Whether your relationship is already a wonderland of bliss or you’ve been struggling through the holidays, there are always things you can do to strengthen your relationship. And what better time to start than the New Year? So if you’re looking to improve your relationship in 2019 check out our list of the Do’s and Don’ts to relationship improvement.
Do build each other up.
Even if it’s just saying how great they cleaned the kitchen. Or how sweet it was when they brought you your favorite snack. Congratulate your partner on their successes big and small. They will not only be happier and feel better about themselves, but they will also want to be around you more because you’ll make them feel good. It’s said that themagic ratiofor a happy relationship is five positive comments for every negative comment. So you might as well be banking all the positive encouragement you can. Not to so you can be a jerk but because conflict is inevitable.
Don’t romanticize your relationship.
It’s okay if your relationship isn’t perfect. No nobody’s is. If you spend your time imagining that your relationship is the way you want it to be you’ll be missing what’s actually great about it. What’s worst is these fantasies aren’t about you and your partner because you haven’t involved them in the discussion. Which means that these fantasies are just about your needs and won’t actually strengthen your relationship.
Do make listening a priority.
Even if you feel like you need to be listened to more. Often we get so caught up waiting for our turn to be heard we don’t hear the other person at all. Listening to your partner will show love, help you discover your partner’s perspective, and will show your partner how much they mean to you. So if you really want to see your relationship improve trying listening more.
Don’t give more than you receive in a relationship.
Things shouldn’t be tit for tat but don’t think that giving all of yourself and getting very little in return is a good thing. You aren’t being the best partner. You’re allowing yourself to be hurt. And that won’t strengthen your relationship.
Do arrange your schedules around each others’.
This is an easy one that will make all the difference. Sync your calendars or talk a lot more about what you’re doing. Do whatever you have to in order to make your schedules work with each others’. Don’t just squeeze in seeing each other when you both find yourselves free. Set aside a day for the two of you that works with your schedules. Go out on a date or just spend it hanging out together. If you don’t make time for each other your how will your relationship improve?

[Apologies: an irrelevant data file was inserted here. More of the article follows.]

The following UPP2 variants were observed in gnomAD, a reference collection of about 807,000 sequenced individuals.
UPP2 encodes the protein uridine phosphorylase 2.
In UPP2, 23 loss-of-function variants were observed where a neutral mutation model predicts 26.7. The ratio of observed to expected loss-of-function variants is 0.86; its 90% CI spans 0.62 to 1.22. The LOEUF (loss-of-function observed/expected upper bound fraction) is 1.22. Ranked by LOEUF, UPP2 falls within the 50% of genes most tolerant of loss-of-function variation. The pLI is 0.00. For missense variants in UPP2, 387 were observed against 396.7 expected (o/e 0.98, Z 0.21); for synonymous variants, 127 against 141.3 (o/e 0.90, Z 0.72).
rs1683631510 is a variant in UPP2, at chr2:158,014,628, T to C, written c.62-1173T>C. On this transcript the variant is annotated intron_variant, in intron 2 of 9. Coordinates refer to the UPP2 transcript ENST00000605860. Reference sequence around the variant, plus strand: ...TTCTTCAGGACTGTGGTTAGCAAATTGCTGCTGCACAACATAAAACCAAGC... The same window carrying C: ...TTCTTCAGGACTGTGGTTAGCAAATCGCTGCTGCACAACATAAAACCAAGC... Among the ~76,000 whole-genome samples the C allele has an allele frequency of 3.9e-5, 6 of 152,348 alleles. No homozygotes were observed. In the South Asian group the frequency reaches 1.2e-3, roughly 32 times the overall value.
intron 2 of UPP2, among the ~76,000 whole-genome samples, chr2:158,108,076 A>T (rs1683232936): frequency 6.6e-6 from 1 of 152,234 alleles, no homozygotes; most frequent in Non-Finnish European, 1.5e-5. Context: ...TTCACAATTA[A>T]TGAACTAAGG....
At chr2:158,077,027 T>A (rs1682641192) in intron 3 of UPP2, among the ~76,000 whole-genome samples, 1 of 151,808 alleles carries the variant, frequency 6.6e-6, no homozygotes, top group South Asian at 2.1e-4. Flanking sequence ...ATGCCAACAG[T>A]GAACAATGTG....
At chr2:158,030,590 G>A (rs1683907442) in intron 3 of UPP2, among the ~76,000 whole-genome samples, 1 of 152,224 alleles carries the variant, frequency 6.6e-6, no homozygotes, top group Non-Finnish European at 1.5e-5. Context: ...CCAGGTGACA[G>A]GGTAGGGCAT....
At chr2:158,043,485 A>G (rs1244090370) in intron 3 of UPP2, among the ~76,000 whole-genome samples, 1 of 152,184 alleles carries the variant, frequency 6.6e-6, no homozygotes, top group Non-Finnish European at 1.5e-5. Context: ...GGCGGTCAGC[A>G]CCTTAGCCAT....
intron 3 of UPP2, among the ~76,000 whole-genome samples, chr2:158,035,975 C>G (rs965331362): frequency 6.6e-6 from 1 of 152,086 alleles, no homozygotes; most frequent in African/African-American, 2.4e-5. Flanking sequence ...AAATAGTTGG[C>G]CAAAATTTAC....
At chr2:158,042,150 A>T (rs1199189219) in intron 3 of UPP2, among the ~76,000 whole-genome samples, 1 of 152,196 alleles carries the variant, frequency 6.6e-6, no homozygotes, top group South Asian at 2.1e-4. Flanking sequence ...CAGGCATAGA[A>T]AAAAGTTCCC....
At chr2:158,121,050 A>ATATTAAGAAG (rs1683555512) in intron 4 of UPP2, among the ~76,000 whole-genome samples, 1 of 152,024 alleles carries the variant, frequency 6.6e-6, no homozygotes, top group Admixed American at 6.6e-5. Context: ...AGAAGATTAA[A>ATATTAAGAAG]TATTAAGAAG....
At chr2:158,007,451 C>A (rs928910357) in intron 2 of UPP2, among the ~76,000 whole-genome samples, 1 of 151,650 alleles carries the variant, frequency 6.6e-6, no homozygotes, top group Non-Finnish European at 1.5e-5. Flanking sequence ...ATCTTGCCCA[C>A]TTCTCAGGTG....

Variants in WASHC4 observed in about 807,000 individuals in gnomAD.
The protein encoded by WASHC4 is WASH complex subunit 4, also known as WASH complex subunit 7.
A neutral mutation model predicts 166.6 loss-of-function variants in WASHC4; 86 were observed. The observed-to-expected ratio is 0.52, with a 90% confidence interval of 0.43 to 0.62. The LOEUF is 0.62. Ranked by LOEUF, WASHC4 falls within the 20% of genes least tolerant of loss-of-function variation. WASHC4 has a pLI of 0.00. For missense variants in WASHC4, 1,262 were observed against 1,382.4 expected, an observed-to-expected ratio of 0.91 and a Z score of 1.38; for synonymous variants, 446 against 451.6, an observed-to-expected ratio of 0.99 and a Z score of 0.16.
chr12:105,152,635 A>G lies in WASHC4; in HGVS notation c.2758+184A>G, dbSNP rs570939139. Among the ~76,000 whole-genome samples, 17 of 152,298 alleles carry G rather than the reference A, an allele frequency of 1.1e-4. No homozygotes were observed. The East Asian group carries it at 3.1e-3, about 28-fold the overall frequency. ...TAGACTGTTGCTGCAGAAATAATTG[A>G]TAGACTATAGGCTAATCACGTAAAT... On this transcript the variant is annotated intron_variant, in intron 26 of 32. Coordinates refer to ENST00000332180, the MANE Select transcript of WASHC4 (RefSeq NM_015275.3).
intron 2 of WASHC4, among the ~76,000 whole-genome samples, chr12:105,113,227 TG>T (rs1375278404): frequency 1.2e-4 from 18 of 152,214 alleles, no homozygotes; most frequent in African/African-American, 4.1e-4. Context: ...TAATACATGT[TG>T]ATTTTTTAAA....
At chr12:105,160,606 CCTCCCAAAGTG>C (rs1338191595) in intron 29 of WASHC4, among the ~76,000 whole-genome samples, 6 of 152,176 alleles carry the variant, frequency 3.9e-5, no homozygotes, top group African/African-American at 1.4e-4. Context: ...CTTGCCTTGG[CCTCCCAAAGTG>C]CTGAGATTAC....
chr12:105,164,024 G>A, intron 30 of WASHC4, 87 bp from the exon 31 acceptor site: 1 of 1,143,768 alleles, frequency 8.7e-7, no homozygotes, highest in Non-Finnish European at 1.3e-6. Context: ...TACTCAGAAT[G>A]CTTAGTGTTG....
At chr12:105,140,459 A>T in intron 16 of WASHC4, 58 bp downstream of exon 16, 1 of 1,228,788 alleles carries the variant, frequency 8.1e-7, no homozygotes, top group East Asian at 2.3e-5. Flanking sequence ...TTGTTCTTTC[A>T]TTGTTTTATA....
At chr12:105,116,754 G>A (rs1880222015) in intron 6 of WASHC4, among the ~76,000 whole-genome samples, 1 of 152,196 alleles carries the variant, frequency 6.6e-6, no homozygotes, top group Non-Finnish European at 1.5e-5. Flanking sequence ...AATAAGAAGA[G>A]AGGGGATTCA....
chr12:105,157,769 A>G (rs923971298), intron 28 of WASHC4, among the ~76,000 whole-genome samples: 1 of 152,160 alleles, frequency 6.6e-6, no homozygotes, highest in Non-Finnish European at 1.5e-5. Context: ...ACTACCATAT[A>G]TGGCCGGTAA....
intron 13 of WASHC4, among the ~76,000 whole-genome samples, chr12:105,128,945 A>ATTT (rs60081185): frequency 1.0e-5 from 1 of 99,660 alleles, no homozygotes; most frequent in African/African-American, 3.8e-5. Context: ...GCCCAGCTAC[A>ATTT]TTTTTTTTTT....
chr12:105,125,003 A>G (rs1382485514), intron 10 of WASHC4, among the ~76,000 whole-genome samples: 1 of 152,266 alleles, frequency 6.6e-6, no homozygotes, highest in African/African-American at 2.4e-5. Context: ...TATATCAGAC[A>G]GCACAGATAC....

Don’t confuse controlling behavior with love.
It might seem like your partner is honestly concerned. Or that it’s okay to keep reminding your partner of the things they’ve done to hurt you. But these are all forms of manipulation that aren’t displays of love. They won’t make your relationship better. They won’t make either of you happier.
Do learn to argue well.
That may sound contradictory. But learninghealthy arguing techniques is one of the best ways you can strengthen your relationship. To start, it’s essential to choose the right time and place. When you begin the conversation it’s important not to start harsh, soften your start-up. Remember to take responsibility for your part—complain without blaming and try using I-statements. Ask for a specific change and be willing to change as well. Most disputes aren’t single sided. So it’s important to find a compromise and to address the emotional issues that were brought up by each of you in this fight.
Don’t fall victim toThe Four Horsemen of The Apocalypse.
It might sound like the title of a cheesy horror film, but it’s actually scientifically proven to be a predictor of relationship death. So make sure you avoid contempt for your partner or just not dealing with your conflict by shaming your partner instead. Don’t allow criticism to become your modem of communication. Or for defensiveness to overtake you when conflict arises. It won’t allow for resolutions to be found. The most important thing is to avoid stone-walling, or refusing to talk with your partner. It’s okay to ask to discuss a problem at a later time—it’s not okay to walk away without any form of recognition or plans to deal with the conflict.